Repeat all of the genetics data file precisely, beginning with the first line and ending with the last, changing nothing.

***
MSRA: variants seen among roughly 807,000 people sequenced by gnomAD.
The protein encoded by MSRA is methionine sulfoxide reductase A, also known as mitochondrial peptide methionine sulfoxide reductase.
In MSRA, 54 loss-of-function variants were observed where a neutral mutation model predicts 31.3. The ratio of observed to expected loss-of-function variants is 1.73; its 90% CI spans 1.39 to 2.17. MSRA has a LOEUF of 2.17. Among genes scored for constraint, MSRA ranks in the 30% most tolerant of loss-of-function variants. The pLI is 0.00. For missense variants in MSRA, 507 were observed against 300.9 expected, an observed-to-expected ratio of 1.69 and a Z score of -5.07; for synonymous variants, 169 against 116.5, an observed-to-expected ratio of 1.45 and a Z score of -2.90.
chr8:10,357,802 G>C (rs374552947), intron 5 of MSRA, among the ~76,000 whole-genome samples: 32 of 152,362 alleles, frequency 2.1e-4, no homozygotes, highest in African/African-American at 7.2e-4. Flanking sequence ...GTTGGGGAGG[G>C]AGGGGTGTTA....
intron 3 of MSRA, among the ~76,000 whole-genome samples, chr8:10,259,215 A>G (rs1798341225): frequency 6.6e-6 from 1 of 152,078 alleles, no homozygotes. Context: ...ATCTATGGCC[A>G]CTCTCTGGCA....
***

MSRA: variants seen among roughly 807,000 people sequenced by gnomAD.
The protein encoded by MSRA is methionine sulfoxide reductase A, also known as mitochondrial peptide methionine sulfoxide reductase.
In MSRA, 54 loss-of-function variants were observed where a neutral mutation model predicts 31.3. The ratio of observed to expected loss-of-function variants is 1.73; its 90% CI spans 1.39 to 2.17. MSRA has a LOEUF of 2.17. Among genes scored for constraint, MSRA ranks in the 30% most tolerant of loss-of-function variants. The pLI is 0.00. For missense variants in MSRA, 507 were observed against 300.9 expected, an observed-to-expected ratio of 1.69 and a Z score of -5.07; for synonymous variants, 169 against 116.5, an observed-to-expected ratio of 1.45 and a Z score of -2.90.
chr8:10,357,802 G>C (rs374552947), intron 5 of MSRA, among the ~76,000 whole-genome samples: 32 of 152,362 alleles, frequency 2.1e-4, no homozygotes, highest in African/African-American at 7.2e-4. Flanking sequence ...GTTGGGGAGG[G>C]AGGGGTGTTA....
intron 3 of MSRA, among the ~76,000 whole-genome samples, chr8:10,259,215 A>G (rs1798341225): frequency 6.6e-6 from 1 of 152,078 alleles, no homozygotes. Context: ...ATCTATGGCC[A>G]CTCTCTGGCA....